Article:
This summer, I bought a couple of pre-1989, East German Berliner Weisse bottles from eBay.de, with no knowledge of how they were stored, nor even where they were produced. After they arrived, I tracked down information in an online listing of historic German beer labels, which indicated that the bottles came from the VEB Getränkekombinat Berlin’s Schultheiss Brauerei, and dated from 1969–1989 — thus at least 23 years old, and possibly even a bit older.
After a couple of months, I opened one.
The beer itself? Dry, thin, gueuze-like, horsey. Extremely sour. Lemony. In a word, weird. In another word, excellent. But that’s not the point.
Far more interesting was what had been going on inside the bottle, and what might be still there. Thanks to Ron Pattinson, more people know that Berliner Weisse used to be made not just with saccharomyces and lactobacillus, but also with brettanomyces. I’ve worked with brett a few times, and I know from personal experience that the various strains of brett have distinctly different characteristics: you won’t get the same flavors from brettanomyces claussenii as you will from brettanomyces bruxellensis. Even two versions of the same strain can be very different: the particular brettanomyces bruxellensis from the great Drei Fonteinen lambic brewery is being propagated and sold by White Labs as its own variety of brett (#644, called “Trois”) as of 2012. Although White Labs already had a brett brux (#650) available, the Drei Fonteinen strain is different enough to merit its own production.
Despite a growing interest in brewing with brettanomyces in recent years, I’ve never seen any commercial yeast labs offering the brett strain from the old East German Berliner Weisse breweries. Andreas Bogk has a project, the Bogk-Bier Privatbrauerei, which aims to bring back the production of Berliner Weisse using the original brettanomyces strain. When I brewed my own Berliner Weisse earlier this year, I didn’t have access to the Berlin strain of brett for it. Adding a Belgian or English strain to a Berlin-style beer could be about as accurate as fermenting a Munich-style Dunkles with a Trappist strain of saccharomyces — meaning not accurate at all.
This is part of what beer culture means: the actual cultures that make beer. When we lose those, we often lose the ability to connect to beer’s history. We lose that shared cultural inheritance. Grodziskie (aka Grätzer) is able to be resuscitated because the yeast was stored in a lab when the last Grodziskie brewery closed in 1993. Bringing back other historic beer styles is harder to do accurately without the right microbes.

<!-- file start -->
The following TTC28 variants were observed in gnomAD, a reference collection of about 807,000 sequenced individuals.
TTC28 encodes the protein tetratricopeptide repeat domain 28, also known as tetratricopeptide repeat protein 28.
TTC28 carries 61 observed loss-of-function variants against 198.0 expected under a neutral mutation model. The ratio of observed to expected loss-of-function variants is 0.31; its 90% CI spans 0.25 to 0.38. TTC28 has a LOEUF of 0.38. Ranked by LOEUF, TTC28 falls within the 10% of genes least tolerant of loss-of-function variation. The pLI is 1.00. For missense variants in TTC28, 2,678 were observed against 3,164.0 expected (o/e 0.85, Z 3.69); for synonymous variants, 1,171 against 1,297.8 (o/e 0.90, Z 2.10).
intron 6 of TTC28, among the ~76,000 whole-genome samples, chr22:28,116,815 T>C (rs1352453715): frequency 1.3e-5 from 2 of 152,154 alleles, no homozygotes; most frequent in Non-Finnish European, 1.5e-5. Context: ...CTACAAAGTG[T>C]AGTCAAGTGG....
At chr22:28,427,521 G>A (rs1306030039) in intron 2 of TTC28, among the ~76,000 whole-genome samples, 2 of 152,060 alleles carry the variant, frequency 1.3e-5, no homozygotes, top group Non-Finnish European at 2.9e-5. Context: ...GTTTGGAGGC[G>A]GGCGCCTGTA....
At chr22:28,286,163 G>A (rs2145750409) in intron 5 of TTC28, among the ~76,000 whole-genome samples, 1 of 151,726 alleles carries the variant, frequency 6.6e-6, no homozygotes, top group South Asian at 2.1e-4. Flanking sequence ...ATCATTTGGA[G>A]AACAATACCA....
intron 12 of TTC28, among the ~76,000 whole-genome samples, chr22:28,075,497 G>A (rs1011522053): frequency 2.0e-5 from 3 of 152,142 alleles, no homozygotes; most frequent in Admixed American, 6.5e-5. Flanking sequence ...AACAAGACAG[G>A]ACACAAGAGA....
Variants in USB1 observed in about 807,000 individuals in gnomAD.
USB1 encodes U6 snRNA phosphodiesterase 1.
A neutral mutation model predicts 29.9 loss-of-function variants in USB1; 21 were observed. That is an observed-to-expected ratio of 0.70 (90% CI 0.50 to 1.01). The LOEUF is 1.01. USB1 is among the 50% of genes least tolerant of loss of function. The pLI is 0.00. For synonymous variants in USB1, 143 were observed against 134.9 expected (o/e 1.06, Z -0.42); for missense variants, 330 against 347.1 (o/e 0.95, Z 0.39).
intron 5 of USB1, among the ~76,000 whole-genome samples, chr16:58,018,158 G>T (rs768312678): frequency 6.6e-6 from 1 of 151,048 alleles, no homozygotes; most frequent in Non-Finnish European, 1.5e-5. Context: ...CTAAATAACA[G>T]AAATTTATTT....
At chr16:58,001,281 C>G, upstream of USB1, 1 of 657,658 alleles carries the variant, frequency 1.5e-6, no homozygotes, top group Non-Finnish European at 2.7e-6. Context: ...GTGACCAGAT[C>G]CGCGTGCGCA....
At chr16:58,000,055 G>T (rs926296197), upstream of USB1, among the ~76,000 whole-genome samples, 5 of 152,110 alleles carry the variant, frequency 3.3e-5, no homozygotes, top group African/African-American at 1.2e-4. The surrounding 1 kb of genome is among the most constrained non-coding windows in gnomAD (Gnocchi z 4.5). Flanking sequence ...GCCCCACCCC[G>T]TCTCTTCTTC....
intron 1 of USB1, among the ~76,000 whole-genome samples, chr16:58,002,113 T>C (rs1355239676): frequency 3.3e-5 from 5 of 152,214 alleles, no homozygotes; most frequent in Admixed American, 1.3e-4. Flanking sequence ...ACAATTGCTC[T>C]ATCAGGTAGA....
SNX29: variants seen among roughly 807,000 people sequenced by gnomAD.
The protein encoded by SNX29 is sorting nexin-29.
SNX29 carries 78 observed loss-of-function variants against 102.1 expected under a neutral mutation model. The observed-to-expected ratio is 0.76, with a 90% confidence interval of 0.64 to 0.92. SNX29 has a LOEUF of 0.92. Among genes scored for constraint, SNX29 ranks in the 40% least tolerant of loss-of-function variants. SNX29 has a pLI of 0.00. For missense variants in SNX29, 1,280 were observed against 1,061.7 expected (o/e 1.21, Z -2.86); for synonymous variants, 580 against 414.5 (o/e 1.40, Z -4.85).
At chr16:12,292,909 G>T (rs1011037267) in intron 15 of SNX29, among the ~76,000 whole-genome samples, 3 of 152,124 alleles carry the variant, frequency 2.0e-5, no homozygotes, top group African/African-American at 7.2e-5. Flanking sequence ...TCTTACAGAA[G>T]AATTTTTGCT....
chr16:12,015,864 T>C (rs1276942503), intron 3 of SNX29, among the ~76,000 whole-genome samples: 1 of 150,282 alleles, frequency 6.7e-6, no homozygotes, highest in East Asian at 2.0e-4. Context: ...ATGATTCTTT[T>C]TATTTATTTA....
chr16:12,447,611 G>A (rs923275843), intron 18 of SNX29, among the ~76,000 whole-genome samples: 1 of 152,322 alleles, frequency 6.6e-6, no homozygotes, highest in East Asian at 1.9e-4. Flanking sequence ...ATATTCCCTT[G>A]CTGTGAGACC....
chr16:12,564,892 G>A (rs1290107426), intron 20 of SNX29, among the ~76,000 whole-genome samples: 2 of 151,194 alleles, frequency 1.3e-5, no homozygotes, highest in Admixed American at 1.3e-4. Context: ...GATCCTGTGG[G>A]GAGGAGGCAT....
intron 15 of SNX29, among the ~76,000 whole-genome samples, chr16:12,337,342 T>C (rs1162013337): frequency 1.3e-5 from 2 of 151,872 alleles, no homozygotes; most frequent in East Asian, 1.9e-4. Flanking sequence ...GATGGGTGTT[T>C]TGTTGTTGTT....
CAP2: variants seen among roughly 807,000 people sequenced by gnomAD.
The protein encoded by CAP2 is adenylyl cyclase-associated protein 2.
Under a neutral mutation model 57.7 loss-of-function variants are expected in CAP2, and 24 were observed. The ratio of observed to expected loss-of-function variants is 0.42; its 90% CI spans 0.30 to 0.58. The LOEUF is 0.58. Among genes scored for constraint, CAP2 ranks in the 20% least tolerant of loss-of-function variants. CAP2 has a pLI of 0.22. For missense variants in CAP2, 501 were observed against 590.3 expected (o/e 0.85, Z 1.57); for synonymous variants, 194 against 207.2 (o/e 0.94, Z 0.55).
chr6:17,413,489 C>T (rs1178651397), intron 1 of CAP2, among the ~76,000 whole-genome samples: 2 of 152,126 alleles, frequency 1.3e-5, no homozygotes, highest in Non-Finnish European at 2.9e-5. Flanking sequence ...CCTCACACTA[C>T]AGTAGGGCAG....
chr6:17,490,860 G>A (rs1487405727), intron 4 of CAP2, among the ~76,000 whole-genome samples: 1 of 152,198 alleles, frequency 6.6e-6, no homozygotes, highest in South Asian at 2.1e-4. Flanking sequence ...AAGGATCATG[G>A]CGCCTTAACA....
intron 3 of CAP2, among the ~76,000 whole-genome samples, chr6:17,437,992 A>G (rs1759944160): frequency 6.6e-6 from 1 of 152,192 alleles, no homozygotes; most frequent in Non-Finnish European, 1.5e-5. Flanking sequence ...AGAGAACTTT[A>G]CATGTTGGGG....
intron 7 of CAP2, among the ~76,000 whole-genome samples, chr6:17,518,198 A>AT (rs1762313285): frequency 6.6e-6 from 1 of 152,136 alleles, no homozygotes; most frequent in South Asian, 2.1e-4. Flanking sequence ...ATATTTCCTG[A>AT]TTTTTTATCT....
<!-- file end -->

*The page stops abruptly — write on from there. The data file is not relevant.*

The thing about brettanomyces is, it’s a survivor. It can last for a long time after yeast and bacteria — like saccharomyces and lactobacillus — have died off. It can live in a bottle for decades.
So when I finished my East German Berliner Weisse, I saved the last centimeter or so of liquid and sediment and transferred that to a small, sanitized fermenter, to which I added 100 milliliters of fresh wort. Nothing happened.
A week or so later, I added a full liter of new wort. Again, nothing happened.
But when I checked the fermenter a few days after that, a coarse film of big and small bubbles had spread across the top of the liquid. Not a thick kräusen, like you get from saccharomyces. A pellicle, like the ones produced by brettanomyces.
It might be hard to spot through the dark glass of the fermenter in the picture above, but that’s a golf-ball-sized bubble to the left of the frame, with a complete covering of bigger and smaller bubbles across the surface. The fermenter is labelled “DDR Berliner Weisse.”
I have no idea what this particular strain of East German brettanomyces is like, nor how it will ferment, nor how the resulting beer will taste. What I do know is that it is alive. At least something from that bottle is alive. There might be a bit of lactobacillus still working. There might even be a functioning saccharomyces culture, though that seems doubtful. But we’re almost completely certain that the original East German Berliner Weisse brettanomyces culture is healthy and strong — more than 23 years after going into the bottle.